A successful critical thinker questions perceived knowledge, rejects anecdotal or non-scientific evidence and examines the source of all information.
He or she is open-minded and well-informed, able to judge the quality of an argument and draw cautious yet evidence-based conclusions.
Many people considering undergraduate or postgraduate study focus their attention only on the subject-specific skills that they will develop, e.g.
they assume that a law degree will only help them to progress in a legal-related role.
This skill is essential for students working on assignments and performing research.
It’s also an invaluable skill in many workplace scenarios.
Before utilising a statistic, quotation or piece of research to reinforce their argument in an assignment or discussion, students should check the source carefully to ensure that it was produced by a reliable source.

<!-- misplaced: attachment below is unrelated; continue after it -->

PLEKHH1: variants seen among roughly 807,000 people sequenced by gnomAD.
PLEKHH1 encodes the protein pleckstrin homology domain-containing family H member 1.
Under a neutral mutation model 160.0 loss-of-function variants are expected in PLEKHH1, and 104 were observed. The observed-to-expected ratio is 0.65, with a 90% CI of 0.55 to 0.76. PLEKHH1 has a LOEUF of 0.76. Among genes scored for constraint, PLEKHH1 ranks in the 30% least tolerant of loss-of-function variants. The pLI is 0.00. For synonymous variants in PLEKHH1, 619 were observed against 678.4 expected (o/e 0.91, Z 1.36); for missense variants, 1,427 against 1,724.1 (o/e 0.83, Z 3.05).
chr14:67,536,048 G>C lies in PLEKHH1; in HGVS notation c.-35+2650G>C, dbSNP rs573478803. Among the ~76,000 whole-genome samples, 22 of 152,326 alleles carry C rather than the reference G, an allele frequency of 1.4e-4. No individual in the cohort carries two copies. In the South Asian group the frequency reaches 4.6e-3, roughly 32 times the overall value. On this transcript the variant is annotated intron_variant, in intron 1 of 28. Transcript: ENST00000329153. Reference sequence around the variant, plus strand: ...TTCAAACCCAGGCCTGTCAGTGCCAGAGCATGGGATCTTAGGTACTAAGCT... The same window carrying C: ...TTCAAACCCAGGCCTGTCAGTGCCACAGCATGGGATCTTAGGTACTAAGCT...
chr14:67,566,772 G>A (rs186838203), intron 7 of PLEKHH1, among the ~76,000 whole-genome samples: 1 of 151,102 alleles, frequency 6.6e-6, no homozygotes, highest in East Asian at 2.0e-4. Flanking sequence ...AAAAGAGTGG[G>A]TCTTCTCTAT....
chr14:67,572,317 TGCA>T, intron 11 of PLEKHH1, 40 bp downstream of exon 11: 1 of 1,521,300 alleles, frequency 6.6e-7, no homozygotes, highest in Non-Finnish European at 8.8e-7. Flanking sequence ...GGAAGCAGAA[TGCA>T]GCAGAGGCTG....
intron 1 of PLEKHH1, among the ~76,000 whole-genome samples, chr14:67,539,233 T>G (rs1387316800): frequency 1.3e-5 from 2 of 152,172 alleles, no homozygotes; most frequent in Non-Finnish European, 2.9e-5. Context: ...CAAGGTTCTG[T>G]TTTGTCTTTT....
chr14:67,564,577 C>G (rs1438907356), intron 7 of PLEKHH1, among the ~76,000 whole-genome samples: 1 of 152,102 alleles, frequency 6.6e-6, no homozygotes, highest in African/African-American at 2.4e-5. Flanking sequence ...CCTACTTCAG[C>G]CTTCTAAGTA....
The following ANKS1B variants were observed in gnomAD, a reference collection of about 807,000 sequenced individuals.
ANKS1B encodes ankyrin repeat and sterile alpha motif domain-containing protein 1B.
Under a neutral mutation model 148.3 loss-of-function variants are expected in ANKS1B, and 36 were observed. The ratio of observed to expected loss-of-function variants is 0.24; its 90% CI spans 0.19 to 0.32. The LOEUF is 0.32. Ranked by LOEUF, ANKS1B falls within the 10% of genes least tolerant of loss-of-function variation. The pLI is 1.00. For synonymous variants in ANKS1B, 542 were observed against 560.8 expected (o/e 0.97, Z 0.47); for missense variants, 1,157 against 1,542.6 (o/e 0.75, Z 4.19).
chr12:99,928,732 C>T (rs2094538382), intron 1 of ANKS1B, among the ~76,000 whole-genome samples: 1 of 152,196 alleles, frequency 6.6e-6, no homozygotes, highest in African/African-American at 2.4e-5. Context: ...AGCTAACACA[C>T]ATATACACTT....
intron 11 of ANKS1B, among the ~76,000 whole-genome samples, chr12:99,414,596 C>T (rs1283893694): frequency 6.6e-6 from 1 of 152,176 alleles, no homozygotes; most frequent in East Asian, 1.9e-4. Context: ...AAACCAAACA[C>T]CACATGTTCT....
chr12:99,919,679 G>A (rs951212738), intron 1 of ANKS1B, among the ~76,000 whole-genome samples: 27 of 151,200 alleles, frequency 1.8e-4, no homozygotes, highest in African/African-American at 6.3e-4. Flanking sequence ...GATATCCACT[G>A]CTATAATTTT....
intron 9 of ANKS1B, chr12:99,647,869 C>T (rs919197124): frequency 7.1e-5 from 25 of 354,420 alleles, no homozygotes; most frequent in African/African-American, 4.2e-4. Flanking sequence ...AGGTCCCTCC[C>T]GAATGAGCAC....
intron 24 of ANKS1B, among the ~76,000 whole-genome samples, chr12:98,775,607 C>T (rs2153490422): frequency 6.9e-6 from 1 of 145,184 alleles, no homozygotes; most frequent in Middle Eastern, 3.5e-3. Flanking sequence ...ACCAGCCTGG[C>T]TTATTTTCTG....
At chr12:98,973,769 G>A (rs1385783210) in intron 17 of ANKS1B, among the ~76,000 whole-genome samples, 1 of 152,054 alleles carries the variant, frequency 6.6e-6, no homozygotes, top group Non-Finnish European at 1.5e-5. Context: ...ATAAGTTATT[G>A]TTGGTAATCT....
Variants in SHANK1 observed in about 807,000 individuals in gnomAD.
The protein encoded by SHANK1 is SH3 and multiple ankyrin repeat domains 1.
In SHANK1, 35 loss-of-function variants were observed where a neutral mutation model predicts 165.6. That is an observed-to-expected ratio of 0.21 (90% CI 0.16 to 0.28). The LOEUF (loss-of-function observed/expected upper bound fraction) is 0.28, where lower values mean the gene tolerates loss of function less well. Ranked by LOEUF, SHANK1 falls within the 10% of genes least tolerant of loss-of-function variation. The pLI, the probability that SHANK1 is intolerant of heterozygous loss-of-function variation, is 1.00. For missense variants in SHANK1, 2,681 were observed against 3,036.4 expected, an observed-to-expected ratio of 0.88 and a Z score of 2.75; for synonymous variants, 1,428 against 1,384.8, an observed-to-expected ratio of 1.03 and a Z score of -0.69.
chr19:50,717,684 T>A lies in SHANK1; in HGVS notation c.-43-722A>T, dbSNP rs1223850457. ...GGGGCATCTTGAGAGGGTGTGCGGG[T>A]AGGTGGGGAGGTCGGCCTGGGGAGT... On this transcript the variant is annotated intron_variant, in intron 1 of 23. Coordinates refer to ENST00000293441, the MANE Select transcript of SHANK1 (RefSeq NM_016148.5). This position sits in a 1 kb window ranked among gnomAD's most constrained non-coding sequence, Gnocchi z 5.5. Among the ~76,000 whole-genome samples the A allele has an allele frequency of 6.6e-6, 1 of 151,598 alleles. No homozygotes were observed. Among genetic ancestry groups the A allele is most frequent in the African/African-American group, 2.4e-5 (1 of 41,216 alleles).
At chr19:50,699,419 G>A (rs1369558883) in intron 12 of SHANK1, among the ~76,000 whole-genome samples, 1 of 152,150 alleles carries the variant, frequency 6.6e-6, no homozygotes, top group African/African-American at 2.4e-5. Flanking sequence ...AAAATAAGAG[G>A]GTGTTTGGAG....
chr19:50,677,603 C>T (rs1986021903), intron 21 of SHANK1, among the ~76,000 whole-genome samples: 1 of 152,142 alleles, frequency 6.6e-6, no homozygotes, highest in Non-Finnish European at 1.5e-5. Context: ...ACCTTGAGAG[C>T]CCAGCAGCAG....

That source needs to be based on solid evidence and should not suffer from research bias.
For example, a manager could use their critical thinking skills to evaluate sales and financial data, or to review a project proposal.
By remaining detached from sudden fluctuations in data and emotional sales pitches, employees with critical thinking skills are able to see the bigger picture and avoid making hasty (and costly! Employees with critical thinking skills can also use these to improve their company through market research and by recognising opportunities.